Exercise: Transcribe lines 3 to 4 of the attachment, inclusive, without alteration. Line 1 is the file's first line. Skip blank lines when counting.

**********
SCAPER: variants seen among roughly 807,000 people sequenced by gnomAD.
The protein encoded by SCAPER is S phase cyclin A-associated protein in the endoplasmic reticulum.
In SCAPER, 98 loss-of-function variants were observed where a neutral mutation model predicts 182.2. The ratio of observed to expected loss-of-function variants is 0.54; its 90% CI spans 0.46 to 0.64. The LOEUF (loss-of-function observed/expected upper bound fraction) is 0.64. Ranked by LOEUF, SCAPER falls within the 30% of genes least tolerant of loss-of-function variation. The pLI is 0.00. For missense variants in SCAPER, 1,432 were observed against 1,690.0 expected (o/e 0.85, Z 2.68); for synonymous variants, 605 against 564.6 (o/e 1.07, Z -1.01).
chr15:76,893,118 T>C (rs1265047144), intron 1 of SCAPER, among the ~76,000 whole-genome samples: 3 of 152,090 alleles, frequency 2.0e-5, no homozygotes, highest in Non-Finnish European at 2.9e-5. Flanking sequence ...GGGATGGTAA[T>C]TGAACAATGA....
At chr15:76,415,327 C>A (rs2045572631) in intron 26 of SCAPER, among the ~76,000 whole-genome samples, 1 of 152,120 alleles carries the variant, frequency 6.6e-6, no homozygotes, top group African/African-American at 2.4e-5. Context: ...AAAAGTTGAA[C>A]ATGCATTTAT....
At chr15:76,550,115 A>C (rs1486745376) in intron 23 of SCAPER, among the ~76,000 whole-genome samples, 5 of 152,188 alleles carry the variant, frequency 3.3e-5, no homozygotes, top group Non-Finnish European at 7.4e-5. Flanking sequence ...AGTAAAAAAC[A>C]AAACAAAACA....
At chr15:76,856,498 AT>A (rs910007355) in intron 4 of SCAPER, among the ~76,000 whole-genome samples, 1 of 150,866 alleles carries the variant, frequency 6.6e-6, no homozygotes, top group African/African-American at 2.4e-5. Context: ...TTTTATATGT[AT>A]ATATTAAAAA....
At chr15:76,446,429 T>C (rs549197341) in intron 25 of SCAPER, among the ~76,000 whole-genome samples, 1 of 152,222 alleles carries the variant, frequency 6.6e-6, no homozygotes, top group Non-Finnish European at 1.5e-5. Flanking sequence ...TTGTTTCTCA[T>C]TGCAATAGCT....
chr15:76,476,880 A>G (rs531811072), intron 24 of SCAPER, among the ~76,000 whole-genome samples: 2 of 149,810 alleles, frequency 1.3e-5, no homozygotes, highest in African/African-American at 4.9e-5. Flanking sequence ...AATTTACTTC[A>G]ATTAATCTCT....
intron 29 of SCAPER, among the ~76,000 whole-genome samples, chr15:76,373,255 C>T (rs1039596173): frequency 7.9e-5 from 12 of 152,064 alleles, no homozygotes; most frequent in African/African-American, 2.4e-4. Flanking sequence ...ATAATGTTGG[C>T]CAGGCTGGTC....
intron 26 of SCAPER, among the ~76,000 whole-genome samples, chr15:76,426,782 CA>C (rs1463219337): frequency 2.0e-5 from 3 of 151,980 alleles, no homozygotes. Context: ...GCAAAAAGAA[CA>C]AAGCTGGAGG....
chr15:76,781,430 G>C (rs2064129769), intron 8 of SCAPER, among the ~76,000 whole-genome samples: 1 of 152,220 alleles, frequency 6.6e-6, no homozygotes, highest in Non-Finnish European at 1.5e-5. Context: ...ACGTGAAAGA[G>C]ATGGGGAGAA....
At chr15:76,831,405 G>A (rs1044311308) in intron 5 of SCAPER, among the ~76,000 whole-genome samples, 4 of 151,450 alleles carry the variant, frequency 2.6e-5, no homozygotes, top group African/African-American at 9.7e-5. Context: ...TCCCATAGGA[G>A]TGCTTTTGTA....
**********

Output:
In SCAPER, 98 loss-of-function variants were observed where a neutral mutation model predicts 182.2. The ratio of observed to expected loss-of-function variants is 0.54; its 90% CI spans 0.46 to 0.64. The LOEUF (loss-of-function observed/expected upper bound fraction) is 0.64. Ranked by LOEUF, SCAPER falls within the 30% of genes least tolerant of loss-of-function variation. The pLI is 0.00. For missense variants in SCAPER, 1,432 were observed against 1,690.0 expected (o/e 0.85, Z 2.68); for synonymous variants, 605 against 564.6 (o/e 1.07, Z -1.01).
chr15:76,893,118 T>C (rs1265047144), intron 1 of SCAPER, among the ~76,000 whole-genome samples: 3 of 152,090 alleles, frequency 2.0e-5, no homozygotes, highest in Non-Finnish European at 2.9e-5. Flanking sequence ...GGGATGGTAA[T>C]TGAACAATGA....